The art of forensics is probably best defined as the use of science and technology to investigate and establish facts in criminal or civil cases. Computer forensics runs along much the same lines, with the main difference being the end goal - in the case of cyber-security, it's usually to understand the exact scale of a breach, what damage was done, where it occurred, and, if possible, who committed the offence.
Accurate and insightful forensics help piece together the complete storyline of an attack,
providing lessons learned that can be applied to ensure the same type of attack cannot happen again.
A strong forensics approach starts with three main vectors - coverage, integration and visibility. Making a concerted effort to tick these boxes can be the difference between being able to respond to a threat and relative chaos.
Coverage Is critical
Criminal forensics always start with going back to the scene of the crime to start collecting evidence. The critical thing to notice is that the “crime scene” extends beyond the site of the offence – it also includes the thief's vehicle, the building next door they came in through, and much more.
In the cyber world, forensic analysis must cover the entire range of potential data sources - not just from the endpoint where malware has been found, but other endpoints that have been in contact and the network itself. This is the only way to create a complete picture that will accurately show where the threat came from, how it got in and where it went.
Naturally, dissecting every bit and byte of the infected machine is just as important, but in many cases, without mapping out the threat, defenders are left in no man's land.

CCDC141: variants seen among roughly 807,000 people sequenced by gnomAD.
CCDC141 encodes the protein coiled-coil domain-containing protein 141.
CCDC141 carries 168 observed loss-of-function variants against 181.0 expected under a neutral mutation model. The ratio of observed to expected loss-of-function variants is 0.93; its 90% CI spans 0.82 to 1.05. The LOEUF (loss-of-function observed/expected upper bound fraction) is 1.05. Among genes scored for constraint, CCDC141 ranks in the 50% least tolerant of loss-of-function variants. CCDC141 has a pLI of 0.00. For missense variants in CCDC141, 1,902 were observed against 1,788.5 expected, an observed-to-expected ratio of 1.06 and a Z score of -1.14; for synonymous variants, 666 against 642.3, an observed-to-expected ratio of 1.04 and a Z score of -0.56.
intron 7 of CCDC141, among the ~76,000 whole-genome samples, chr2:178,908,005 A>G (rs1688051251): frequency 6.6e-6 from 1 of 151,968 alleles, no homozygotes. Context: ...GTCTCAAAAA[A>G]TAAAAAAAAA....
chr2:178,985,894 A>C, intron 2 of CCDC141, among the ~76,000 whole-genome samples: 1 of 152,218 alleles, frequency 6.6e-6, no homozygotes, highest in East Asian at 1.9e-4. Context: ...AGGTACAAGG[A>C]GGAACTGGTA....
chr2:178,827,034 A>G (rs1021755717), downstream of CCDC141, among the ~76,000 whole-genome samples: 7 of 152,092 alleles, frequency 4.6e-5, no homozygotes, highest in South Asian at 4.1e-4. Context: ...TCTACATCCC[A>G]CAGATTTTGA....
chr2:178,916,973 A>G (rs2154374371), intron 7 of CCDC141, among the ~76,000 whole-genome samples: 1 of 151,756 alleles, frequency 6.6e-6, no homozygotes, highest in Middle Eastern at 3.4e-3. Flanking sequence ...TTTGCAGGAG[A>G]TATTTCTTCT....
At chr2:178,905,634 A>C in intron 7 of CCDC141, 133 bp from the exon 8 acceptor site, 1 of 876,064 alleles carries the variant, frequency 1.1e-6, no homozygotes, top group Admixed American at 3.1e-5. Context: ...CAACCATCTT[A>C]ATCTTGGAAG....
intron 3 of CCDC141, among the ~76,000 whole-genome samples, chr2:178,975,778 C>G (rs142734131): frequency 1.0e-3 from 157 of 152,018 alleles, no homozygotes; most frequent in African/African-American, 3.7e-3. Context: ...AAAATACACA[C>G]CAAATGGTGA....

Integration for a single storyline
Forensic data is almost never isolated; there's never just one clue. If you can look hard enough, usually hundreds of miniscule network and endpoint events can be traced back to the attack. This makes being able to connect two – or hundreds – of different “dots” imperative to the task. In practice, though, while you need many clues, using multiple different forensic tools can significantly complicate the situation. In many cases, they won't speak the same language and their findings will not be able to be used to their full potential and be intelligently cross-referenced.
For example, using independent tools for endpoint, server and network allows you to glean a substantial amount of information from each, but will leave an overwhelmed analyst needing to delve through and synthesise the thousands of findings that could be seen and used much more efficiently if they had all been designed to live and work together.
Another benefit of integration, especially when paired with automation, is the ability to automatically and continuously initiate additional forensic data collection based on previous forensics or findings.
Visibility = coverage + integration
Visibility is essentially the combined result of coverage and integration, ensuring the various pieces of forensic evidence are organised in such a way to make the story of the attack clear to the analyst.
Malicious incidents are seldom isolated and almost always contain multiple events linked to the same attack – the initial infiltration, contacting a command and control server, laterally moving to the target host via a specific network protocol, etc.
While interesting and valuable in their own right, they become truly powerful when displayed as a chain of events, narrating the entire attack from start to finish. Not only is this far more informative, it enables the analysts to perform the most critical task – Response.
Forensics drive investigation and response
Forensics is a big part of investigating a threat, which makes it critical to the action of responding to and mitigating it. Once the bigger picture is formed, you know which devices to isolate, what parts of the network are vulnerable and generally what needs to be done to ensure a higher level of safety moving forward.
Organisations must assume that an attacker is lurking in their network, now it's about finding them fast enough to reduce dwell time and minimise damage. Integrated and automated forensics across networks and endpoints helps you find them more quickly and stop them in their stride.
Contributed by Noam Rosenfeld, SVP, cyber-security solutions, Verint Systems Ltd.